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April 25, 1997 | MIMI KO CRUZ and JOHN CANALIS
Student chefs from Orange Coast College took top honors this month at the American Culinary Federation's Western Region Junior Member Hot Food Championships in Portland. Culinary arts students from Orange Coast finished first among 13 teams from California, Oregon, Washington, Arizona, Nevada and Utah. They will compete in the national finals in Atlanta in July. "We're absolutely thrilled with our performance in Portland," said Bill Barber, the college's head chef.
October 8, 2008 | Russ Parsons and Amy Scattergood, Times Staff Writers
VALUE IS a relative concept. Just ask the folks at Lehman Brothers. But when it comes to ingredients and kitchen tools that beckon to the enthusiastic home cook, it's important to the bottom line -- in this case, a great meal -- to take a look at what's really worth your hard-earned cash -- and what isn't. We scrutinized our kitchens and the merchandise. Our thumbs-up, thumbs-down verdicts on a couple of dozen popular or hyped cooking items follow. No apologies -- we're opinionated.
July 8, 2000 | Dow Jones
I-Flow Corp.'s chief financial officer, Gayle L. Arnold, has resigned to devote more time to her family, the company said Friday. Lake Forest-based I-Flow, which makes portable infusion systems, said it retained Arnold as a consultant to work with the company until it finds a successor.
December 5, 1992 | Associated Press
For eight years, he did the fixing up and she did the cleaning and cooking and made the beer runs. Then they broke up. Five years later, an appeals court has agreed that Harlan Ray must give Linda Walsh $6,600 in housekeeping pay. "This opens the door for an argument that true roommates, not even boyfriend-girlfriend, could end up with the same results," said Ray's attorney, Daniel Berkos. Walsh and her two sons moved into Ray's home after they met in 1979.
July 12, 2007 | Chris Rubin, Special to The Times
"LA Vie en Rose" plays softly in the background as Florence Bertheau -- a.k.a. Chef Flo -- cooks crepes, stacking up a supply on the side of her stove. Kids and their parents drift in to the Manhattan Beach Chefmakers Cooking Academy early on a Saturday morning, the grown-ups grabbing cups of coffee, the children taking the crepes, stuffing them with chocolate, jam and other sweet fillings and then devouring them.
Every Wednesday night at Alto Palato in West Hollywood, chef Roberto Perotti prepares a three-course regional menu. The cost is just $25 per person. Ordering the evening's menu also gets you 40% off on any bottle of wine, so drink up. That bottle of Barolo won't set you back much more than a good Chianti Classico on a normal night. Since there are 23 regions in Italy--and few people have visited or can even name more than a handful, it will take close to half a year before they begin to repeat.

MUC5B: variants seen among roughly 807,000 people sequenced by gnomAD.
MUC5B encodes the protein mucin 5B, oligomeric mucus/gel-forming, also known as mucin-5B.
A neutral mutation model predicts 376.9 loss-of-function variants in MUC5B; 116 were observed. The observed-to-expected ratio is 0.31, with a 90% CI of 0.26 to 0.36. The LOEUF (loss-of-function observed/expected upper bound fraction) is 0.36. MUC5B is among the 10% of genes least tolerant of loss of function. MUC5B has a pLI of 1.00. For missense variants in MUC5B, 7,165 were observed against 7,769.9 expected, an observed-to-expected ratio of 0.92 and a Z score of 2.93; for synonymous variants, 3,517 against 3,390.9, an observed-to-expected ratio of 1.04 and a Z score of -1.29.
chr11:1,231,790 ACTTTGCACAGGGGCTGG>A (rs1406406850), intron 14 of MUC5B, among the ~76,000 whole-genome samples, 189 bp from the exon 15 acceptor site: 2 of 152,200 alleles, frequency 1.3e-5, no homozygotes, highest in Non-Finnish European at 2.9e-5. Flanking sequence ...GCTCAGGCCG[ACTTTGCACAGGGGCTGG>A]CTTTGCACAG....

May 26, 1995 | HOLLY J. WAGNER
The Newport Beach Fire Department offered "Backdraft Chili." Costa Mesa resident Carole Arnold toiled over her specialty, "Disco Inferno Chili." With ingredients as imaginative as the names of their dishes, the teams were among 96 from across the state competing Thursday in the 22nd annual California State Championship Chili Cook-Off. For four hours, the teams stirred and tasted, adjusting spices, each hoping to be chosen to attend the national cook-off in October in Reno.
December 6, 2007 | Bob Pool, Times Staff Writer
Those who crowded into a Redondo Beach restaurant could scarcely believe what 7-year-old Jack Witherspoon cooked up Wednesday night. There were hors d'oeuvres such as mushrooms stuffed with spinach and three cheeses. A spinach ravioli appetizer with wild mushrooms, sherry and pecorino. A salad made with his own sun-dried tomato ranch dressing.
The evening meal had become a necessary evil for Stephen and Chris Javier. At the end of their long and busy days, eating well was the first thing they wanted to do. Cooking was, well, the last thing. "It's not that we wouldn't like to be handier and more creative in the kitchen," said Chris, 46, a preschool special education teacher. "But the fact is, we're not. Whether because we don't have the time or because we just don't enjoy it, we always found a reason not to cook."
April 28, 2005 | Zan Dubin Scott, Special to The Times
Within minutes, the budding chefs looked the part: crisp white aprons neatly tethered around the waist, stovepipe chefs hats and a thorough dusting of flour on hands, forearms, and -- since tasting proved irresistible -- chins and cheeks. Who, after all, can resist sugary sweet dough, which is what a dozen children began to roll (and sample) with zeal as a recent Art of Pastry Making class got underway at the Ritz-Carlton, Huntington Hotel & Spa in Pasadena.
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